October sees introduction of a new approach to professional regulation
As part of its wide-ranging updating of governance, CIEH has reviewed its Code of Ethics and Disciplinary Process, the latter to be replaced by a ‘fitness to practise’ approach.
The vast majority of environmental health practitioners are conscientious professionals, working hard to protect the public. Often our members have to make decisions in difficult, unclear and challenging situations.
However, just like in every other profession, it is important that – when it occurs - poor practice is dealt with, to protect the public and preserve the reputation of the profession. Our Charter puts the onus on CIEH to maintain and uphold this reputation.
Earlier this year, the CIEH Board (assisted by its Membership and the Profession Advisory Group) updated our Code of Ethics. The four ethical principles remain the same: integrity, competence, responsibility and respect. The revised Code of Ethics will be published later this year.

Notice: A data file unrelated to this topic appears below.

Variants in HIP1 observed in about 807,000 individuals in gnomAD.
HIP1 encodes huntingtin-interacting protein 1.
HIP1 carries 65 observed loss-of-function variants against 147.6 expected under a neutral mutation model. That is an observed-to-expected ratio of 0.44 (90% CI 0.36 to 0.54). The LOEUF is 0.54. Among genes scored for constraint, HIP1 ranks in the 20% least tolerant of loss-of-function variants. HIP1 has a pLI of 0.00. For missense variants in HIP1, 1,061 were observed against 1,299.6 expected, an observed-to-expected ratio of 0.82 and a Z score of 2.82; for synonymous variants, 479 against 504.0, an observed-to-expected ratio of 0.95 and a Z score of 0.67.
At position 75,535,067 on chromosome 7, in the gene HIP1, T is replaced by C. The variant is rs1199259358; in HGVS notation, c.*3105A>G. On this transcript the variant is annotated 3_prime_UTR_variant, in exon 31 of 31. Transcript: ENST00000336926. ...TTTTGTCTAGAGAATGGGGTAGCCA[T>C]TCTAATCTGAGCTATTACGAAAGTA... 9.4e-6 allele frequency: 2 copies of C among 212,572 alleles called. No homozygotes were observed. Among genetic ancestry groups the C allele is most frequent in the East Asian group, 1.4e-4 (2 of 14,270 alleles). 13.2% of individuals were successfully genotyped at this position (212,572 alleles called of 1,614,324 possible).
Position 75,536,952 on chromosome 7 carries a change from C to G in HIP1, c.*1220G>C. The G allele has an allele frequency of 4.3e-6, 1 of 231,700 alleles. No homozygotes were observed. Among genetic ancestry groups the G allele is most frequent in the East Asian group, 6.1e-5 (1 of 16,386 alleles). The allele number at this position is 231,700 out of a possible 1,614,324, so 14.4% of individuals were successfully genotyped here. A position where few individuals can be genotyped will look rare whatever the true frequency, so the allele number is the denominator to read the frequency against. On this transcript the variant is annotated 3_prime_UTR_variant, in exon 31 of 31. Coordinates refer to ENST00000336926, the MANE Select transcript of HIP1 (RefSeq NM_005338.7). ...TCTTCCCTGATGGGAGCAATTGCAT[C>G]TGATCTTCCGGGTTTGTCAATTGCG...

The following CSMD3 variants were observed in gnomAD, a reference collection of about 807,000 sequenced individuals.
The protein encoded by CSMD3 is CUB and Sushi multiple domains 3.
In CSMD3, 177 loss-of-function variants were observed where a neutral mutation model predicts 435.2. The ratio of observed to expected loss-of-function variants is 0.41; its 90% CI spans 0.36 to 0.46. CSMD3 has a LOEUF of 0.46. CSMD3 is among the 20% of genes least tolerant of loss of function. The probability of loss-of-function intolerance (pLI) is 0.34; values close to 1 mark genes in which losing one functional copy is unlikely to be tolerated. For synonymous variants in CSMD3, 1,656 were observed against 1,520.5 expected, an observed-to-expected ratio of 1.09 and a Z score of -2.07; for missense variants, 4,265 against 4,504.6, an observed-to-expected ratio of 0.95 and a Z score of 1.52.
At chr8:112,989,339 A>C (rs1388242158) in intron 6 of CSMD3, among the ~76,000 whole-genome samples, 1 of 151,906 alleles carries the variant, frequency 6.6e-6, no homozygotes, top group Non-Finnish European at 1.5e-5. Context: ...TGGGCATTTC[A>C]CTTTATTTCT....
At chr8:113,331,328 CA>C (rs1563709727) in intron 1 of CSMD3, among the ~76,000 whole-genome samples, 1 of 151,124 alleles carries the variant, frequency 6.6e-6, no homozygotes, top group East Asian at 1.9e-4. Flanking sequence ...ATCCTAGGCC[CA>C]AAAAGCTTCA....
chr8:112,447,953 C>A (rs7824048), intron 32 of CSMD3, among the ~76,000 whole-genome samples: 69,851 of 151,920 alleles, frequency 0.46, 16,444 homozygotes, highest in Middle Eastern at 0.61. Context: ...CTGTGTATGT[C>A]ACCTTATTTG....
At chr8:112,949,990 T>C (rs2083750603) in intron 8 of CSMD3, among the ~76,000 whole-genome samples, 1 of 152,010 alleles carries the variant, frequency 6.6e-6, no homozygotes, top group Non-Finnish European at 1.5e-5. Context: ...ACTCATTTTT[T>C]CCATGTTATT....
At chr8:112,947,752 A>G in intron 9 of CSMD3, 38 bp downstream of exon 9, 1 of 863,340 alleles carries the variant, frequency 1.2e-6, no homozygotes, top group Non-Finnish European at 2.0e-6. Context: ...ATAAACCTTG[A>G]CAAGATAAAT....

At the same time, it reviewed its disciplinary arrangements. Consistent with contemporary good practice, these have been redeveloped to put in place a Fitness to Practise Panel - as is common in many other sectors.
In making this change, the Board wanted to emphasise that ‘discipline’ (in an employment setting) is a matter for employers. CIEH’s role is in upholding proper standards and in ensuring the public is protected. That means that the fitness to practise process will, rarely, be the forum in which to deal with a complaint from a member of the public. CIEH’s previous disciplinary process had been used in that way; such matters are clearly for the employers of our members, unless the rules in our Code of Ethics are alleged to have been broken.